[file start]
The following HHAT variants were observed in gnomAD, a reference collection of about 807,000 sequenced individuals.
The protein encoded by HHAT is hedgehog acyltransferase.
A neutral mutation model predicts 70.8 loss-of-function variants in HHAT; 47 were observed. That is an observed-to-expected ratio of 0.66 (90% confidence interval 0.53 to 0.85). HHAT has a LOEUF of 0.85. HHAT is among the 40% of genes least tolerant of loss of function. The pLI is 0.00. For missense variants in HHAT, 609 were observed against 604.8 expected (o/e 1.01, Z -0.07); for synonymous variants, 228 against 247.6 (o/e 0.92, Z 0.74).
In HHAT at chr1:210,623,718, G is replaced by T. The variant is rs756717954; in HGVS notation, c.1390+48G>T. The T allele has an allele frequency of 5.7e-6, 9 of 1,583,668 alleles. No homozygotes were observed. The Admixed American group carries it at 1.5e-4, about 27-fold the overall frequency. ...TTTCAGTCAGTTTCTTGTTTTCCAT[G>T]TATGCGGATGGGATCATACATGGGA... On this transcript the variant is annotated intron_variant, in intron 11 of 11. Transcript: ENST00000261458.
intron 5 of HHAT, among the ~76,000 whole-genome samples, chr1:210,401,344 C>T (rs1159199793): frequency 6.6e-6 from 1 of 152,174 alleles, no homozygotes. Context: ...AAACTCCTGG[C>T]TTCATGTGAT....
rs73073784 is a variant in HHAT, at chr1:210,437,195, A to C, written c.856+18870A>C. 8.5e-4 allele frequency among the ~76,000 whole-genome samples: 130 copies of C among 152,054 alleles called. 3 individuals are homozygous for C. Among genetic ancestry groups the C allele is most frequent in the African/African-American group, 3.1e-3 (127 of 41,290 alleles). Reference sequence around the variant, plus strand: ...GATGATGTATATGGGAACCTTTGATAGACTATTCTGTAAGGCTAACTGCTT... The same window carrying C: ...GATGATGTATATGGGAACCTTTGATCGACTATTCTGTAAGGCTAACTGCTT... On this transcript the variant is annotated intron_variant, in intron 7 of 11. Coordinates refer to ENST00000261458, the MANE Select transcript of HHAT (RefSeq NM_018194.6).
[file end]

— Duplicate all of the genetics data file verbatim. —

The following HHAT variants were observed in gnomAD, a reference collection of about 807,000 sequenced individuals.
The protein encoded by HHAT is hedgehog acyltransferase.
A neutral mutation model predicts 70.8 loss-of-function variants in HHAT; 47 were observed. That is an observed-to-expected ratio of 0.66 (90% confidence interval 0.53 to 0.85). HHAT has a LOEUF of 0.85. HHAT is among the 40% of genes least tolerant of loss of function. The pLI is 0.00. For missense variants in HHAT, 609 were observed against 604.8 expected (o/e 1.01, Z -0.07); for synonymous variants, 228 against 247.6 (o/e 0.92, Z 0.74).
In HHAT at chr1:210,623,718, G is replaced by T. The variant is rs756717954; in HGVS notation, c.1390+48G>T. The T allele has an allele frequency of 5.7e-6, 9 of 1,583,668 alleles. No homozygotes were observed. The Admixed American group carries it at 1.5e-4, about 27-fold the overall frequency. ...TTTCAGTCAGTTTCTTGTTTTCCAT[G>T]TATGCGGATGGGATCATACATGGGA... On this transcript the variant is annotated intron_variant, in intron 11 of 11. Transcript: ENST00000261458.
intron 5 of HHAT, among the ~76,000 whole-genome samples, chr1:210,401,344 C>T (rs1159199793): frequency 6.6e-6 from 1 of 152,174 alleles, no homozygotes. Context: ...AAACTCCTGG[C>T]TTCATGTGAT....
rs73073784 is a variant in HHAT, at chr1:210,437,195, A to C, written c.856+18870A>C. 8.5e-4 allele frequency among the ~76,000 whole-genome samples: 130 copies of C among 152,054 alleles called. 3 individuals are homozygous for C. Among genetic ancestry groups the C allele is most frequent in the African/African-American group, 3.1e-3 (127 of 41,290 alleles). Reference sequence around the variant, plus strand: ...GATGATGTATATGGGAACCTTTGATAGACTATTCTGTAAGGCTAACTGCTT... The same window carrying C: ...GATGATGTATATGGGAACCTTTGATCGACTATTCTGTAAGGCTAACTGCTT... On this transcript the variant is annotated intron_variant, in intron 7 of 11. Coordinates refer to ENST00000261458, the MANE Select transcript of HHAT (RefSeq NM_018194.6).